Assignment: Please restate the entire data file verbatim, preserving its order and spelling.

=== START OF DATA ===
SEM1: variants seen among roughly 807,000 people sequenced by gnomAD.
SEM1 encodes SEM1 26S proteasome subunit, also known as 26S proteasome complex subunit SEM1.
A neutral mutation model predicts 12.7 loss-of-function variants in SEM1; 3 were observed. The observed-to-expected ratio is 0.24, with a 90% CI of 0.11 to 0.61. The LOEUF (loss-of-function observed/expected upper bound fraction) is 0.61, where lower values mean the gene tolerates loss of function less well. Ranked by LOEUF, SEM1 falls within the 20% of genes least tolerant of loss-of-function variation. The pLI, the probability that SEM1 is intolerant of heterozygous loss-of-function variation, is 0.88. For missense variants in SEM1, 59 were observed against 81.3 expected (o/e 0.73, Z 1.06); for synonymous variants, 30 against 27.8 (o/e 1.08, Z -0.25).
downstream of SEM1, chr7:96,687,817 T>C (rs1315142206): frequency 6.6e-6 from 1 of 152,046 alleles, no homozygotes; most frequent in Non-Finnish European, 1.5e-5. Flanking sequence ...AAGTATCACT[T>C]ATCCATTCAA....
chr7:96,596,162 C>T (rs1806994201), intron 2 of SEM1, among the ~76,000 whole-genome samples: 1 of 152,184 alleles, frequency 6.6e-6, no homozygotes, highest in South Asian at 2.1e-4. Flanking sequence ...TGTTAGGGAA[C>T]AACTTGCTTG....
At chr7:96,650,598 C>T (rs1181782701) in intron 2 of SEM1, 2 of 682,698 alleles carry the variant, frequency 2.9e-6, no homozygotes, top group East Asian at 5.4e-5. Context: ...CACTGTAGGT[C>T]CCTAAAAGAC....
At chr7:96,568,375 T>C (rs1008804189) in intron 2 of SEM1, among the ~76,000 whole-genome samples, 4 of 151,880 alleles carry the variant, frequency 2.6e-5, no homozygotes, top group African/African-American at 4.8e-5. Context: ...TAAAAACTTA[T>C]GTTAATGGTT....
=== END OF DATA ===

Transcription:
SEM1: variants seen among roughly 807,000 people sequenced by gnomAD.
SEM1 encodes SEM1 26S proteasome subunit, also known as 26S proteasome complex subunit SEM1.
A neutral mutation model predicts 12.7 loss-of-function variants in SEM1; 3 were observed. The observed-to-expected ratio is 0.24, with a 90% CI of 0.11 to 0.61. The LOEUF (loss-of-function observed/expected upper bound fraction) is 0.61, where lower values mean the gene tolerates loss of function less well. Ranked by LOEUF, SEM1 falls within the 20% of genes least tolerant of loss-of-function variation. The pLI, the probability that SEM1 is intolerant of heterozygous loss-of-function variation, is 0.88. For missense variants in SEM1, 59 were observed against 81.3 expected (o/e 0.73, Z 1.06); for synonymous variants, 30 against 27.8 (o/e 1.08, Z -0.25).
downstream of SEM1, chr7:96,687,817 T>C (rs1315142206): frequency 6.6e-6 from 1 of 152,046 alleles, no homozygotes; most frequent in Non-Finnish European, 1.5e-5. Flanking sequence ...AAGTATCACT[T>C]ATCCATTCAA....
chr7:96,596,162 C>T (rs1806994201), intron 2 of SEM1, among the ~76,000 whole-genome samples: 1 of 152,184 alleles, frequency 6.6e-6, no homozygotes, highest in South Asian at 2.1e-4. Flanking sequence ...TGTTAGGGAA[C>T]AACTTGCTTG....
At chr7:96,650,598 C>T (rs1181782701) in intron 2 of SEM1, 2 of 682,698 alleles carry the variant, frequency 2.9e-6, no homozygotes, top group East Asian at 5.4e-5. Context: ...CACTGTAGGT[C>T]CCTAAAAGAC....
At chr7:96,568,375 T>C (rs1008804189) in intron 2 of SEM1, among the ~76,000 whole-genome samples, 4 of 151,880 alleles carry the variant, frequency 2.6e-5, no homozygotes, top group African/African-American at 4.8e-5. Context: ...TAAAAACTTA[T>C]GTTAATGGTT....